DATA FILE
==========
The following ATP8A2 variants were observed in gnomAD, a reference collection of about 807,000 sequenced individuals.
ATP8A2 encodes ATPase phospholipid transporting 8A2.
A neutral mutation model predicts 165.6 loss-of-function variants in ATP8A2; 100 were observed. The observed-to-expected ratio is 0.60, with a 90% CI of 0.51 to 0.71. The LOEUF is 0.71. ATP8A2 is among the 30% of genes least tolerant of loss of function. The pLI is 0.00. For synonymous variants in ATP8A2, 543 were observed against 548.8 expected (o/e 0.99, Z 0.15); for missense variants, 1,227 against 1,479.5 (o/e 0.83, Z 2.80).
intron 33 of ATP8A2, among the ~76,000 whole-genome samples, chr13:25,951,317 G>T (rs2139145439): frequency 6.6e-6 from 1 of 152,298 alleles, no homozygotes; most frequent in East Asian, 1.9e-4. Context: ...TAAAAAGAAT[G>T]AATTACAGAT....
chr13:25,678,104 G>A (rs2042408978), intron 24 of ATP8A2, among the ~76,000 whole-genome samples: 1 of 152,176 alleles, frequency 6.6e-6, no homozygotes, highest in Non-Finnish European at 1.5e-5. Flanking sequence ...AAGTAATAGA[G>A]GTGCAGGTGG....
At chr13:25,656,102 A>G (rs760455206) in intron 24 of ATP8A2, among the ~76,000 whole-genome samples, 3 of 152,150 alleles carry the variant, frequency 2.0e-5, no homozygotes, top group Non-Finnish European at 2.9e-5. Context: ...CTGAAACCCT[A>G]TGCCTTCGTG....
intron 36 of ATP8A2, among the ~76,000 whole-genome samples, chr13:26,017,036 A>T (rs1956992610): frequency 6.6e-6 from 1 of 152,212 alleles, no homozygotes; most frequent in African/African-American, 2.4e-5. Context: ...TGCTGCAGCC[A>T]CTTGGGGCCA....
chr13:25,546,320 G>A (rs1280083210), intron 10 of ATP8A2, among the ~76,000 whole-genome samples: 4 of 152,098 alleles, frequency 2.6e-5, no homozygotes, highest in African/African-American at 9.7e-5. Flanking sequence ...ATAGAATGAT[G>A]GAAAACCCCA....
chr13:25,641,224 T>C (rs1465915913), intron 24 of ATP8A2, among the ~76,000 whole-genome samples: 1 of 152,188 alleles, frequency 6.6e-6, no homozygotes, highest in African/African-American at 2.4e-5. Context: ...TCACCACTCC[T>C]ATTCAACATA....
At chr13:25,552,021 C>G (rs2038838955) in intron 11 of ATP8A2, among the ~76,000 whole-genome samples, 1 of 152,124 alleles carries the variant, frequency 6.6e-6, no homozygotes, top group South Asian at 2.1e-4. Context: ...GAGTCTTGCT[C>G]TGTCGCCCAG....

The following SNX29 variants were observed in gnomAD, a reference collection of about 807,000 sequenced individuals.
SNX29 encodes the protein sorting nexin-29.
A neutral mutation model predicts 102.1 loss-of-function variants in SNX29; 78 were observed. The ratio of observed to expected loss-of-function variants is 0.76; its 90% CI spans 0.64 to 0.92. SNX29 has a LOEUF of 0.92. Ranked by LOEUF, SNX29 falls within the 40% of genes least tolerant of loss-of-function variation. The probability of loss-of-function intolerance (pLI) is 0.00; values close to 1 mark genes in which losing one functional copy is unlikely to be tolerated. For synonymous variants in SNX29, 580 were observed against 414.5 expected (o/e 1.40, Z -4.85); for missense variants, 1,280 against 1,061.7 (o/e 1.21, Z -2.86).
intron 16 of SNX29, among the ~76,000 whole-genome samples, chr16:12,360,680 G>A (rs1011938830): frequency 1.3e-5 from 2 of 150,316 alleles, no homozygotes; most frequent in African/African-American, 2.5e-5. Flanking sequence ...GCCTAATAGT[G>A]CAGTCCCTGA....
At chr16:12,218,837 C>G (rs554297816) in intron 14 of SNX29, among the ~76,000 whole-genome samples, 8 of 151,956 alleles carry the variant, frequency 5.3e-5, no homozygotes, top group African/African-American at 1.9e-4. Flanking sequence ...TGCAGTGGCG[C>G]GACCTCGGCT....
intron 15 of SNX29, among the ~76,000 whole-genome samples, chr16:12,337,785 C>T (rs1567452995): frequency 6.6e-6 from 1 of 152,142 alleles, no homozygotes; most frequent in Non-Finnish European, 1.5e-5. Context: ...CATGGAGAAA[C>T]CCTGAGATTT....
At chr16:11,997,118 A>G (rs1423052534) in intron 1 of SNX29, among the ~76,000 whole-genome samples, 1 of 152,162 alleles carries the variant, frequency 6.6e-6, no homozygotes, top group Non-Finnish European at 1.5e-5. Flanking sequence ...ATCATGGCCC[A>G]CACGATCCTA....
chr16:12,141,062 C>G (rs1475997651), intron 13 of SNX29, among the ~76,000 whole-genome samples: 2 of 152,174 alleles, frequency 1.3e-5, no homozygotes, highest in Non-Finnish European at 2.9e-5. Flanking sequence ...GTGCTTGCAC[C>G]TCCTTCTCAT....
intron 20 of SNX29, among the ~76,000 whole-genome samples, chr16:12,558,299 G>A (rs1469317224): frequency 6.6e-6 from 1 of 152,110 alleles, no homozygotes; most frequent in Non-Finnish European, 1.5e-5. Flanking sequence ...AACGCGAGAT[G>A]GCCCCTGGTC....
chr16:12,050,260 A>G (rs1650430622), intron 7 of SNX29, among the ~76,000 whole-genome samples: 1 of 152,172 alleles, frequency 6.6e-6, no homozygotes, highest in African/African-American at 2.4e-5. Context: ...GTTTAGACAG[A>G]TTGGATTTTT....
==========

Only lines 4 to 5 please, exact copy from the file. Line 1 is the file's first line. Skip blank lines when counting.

intron 33 of ATP8A2, among the ~76,000 whole-genome samples, chr13:25,951,317 G>T (rs2139145439): frequency 6.6e-6 from 1 of 152,298 alleles, no homozygotes; most frequent in East Asian, 1.9e-4. Context: ...TAAAAAGAAT[G>T]AATTACAGAT....
chr13:25,678,104 G>A (rs2042408978), intron 24 of ATP8A2, among the ~76,000 whole-genome samples: 1 of 152,176 alleles, frequency 6.6e-6, no homozygotes, highest in Non-Finnish European at 1.5e-5. Flanking sequence ...AAGTAATAGA[G>A]GTGCAGGTGG....